Summer Quarterly 2018
England’s and Germany’s Renewables Producing More than Nuclear
In the first quarter of 2018, England’s wind industry produced a record 15,560 gigawatt-hours (GWh) of electricity, surpassing nuclear production for the first time (by 30 GWh). Germany also hit a milestone by providing 100 percent of its electric power consumption with renewable energy for one hour on New Year’s Day, and two years ahead of schedule, Germany reached its (2020) target of increasing renewable’s share of power production to 36%.
German Reactor Phase-out: Ten Down, Seven to Go
Germany’s phase-out of nuclear power is moving ahead. The Dec. 31, 2017 shutdown of the Grundremmingen Unit B reactor was the 10th out of a total of 17 that will be retired with the last seven to power down by 2022. Grundremmingen and its still-operating twin Unit C are General Electric Mark I models identical to the three destroyed Fukushima-Daiichi reactors in Japan. Unit A shutdown in 1975.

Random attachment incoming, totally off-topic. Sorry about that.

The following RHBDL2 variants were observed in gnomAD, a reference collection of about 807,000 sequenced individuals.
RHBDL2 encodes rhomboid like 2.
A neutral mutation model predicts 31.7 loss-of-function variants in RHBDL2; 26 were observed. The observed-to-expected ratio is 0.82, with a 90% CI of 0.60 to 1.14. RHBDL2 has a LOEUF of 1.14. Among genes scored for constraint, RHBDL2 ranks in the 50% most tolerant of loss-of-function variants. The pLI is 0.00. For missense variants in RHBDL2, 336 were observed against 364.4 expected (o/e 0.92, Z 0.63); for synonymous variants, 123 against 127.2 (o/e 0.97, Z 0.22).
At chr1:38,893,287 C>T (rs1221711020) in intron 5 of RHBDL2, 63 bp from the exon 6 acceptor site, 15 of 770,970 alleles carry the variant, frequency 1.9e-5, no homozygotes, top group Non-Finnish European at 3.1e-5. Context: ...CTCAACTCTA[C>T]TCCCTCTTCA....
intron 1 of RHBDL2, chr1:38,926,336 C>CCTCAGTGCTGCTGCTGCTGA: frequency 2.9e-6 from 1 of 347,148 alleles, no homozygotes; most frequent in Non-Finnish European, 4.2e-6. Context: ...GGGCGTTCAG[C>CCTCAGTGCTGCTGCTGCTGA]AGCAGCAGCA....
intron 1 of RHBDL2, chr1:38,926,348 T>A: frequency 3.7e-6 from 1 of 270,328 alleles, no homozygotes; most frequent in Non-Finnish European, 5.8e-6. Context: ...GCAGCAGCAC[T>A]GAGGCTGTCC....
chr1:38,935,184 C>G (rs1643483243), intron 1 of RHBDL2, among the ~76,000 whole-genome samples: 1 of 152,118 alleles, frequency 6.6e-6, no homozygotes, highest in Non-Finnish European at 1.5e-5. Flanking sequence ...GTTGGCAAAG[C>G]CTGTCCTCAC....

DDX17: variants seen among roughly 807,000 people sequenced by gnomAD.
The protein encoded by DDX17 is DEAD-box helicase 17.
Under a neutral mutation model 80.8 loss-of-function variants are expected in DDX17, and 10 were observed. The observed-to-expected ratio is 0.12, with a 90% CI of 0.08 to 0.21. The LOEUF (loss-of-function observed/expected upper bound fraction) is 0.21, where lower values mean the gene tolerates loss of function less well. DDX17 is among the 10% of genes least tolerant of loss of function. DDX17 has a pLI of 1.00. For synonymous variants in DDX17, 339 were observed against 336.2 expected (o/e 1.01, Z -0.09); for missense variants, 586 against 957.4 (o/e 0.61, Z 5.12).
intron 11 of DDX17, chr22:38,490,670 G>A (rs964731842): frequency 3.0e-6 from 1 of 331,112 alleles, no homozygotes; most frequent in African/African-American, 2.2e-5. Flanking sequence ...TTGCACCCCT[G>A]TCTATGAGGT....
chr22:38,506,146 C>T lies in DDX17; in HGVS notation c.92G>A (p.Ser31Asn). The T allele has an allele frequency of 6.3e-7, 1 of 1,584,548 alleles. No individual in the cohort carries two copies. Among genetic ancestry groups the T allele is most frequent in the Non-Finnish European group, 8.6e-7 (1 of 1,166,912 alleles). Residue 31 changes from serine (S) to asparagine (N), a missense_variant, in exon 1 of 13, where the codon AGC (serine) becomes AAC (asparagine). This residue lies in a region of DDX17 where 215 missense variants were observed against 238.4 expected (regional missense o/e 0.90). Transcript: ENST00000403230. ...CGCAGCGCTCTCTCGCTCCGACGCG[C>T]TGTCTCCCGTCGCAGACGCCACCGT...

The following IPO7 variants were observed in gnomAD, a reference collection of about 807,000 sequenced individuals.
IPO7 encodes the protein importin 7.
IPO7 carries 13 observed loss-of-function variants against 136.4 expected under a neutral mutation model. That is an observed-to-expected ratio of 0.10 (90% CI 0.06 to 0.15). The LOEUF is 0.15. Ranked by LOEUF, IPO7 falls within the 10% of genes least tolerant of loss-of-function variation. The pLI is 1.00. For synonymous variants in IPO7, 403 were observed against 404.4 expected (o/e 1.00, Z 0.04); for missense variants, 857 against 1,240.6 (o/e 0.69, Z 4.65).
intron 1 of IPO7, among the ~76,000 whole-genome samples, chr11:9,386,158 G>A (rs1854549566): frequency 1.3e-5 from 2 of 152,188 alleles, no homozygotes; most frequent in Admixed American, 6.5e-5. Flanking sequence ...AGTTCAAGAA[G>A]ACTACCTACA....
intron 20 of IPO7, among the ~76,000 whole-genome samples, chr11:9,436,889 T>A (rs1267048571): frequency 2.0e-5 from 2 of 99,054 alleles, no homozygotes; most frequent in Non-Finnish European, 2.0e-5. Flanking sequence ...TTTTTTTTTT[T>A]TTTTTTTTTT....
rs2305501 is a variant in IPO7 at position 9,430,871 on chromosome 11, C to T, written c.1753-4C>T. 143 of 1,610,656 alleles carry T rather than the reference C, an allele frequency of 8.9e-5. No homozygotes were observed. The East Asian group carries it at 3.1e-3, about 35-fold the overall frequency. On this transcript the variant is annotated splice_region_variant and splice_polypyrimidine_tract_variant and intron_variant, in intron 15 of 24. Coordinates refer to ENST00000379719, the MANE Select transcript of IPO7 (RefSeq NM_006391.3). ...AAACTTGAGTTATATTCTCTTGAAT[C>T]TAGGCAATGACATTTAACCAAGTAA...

Six More US Reactors Shutting Down
In its article “The 60-Year Downfall of Nuclear Power in the US Has Left a Huge Mess,” The Atlantic reported May 28: “Oyster Creek in New Jersey disconnects from the grid [this coming] October with 11 years left on its license. Indian Point in New York State is to shut by 2021 due to falling revenues and rising costs. In California, Diablo Canyon is being closed by state regulators in 2025. The reactor at Three Mile Island in Pennsylvania that survived the 1979 accident will finally shut in 2019.” FirstEnergy Solutions has filed deactivation notices for three of its nuclear stations putting them on track for retirement: Davis-Besse and Perry in Ohio, in 2020 and 2021 respectively, and Beaver Valley in Shippingport, Penn. in 2021. However, such notices are often just a tactic used to garner sympathy from lawmakers who have secured taxpayer bailouts for the money-losing reactors.
Investments in Solar Power Outstrip Coal, Nuclear and Gas Combined
According to a new report from the United Nations Environment Program, more money was invested in photovoltaic or solar power in 2017 than in coal, gas and nuclear power combined. In addition, the world’s solar power capacity exceeded nuclear capacity for the first time—reaching 402 gigawatts, compared to 353 GW of nuclear. Electricity from wind power, which far exceeds solar/photovoltaic generation, outstripped nuclear powered electricity back in 2014, and by the end of 2017 amounted to 539 GW.
California’s New Houses Must Have Solar Electric, Hawaii’s Solar Hot Water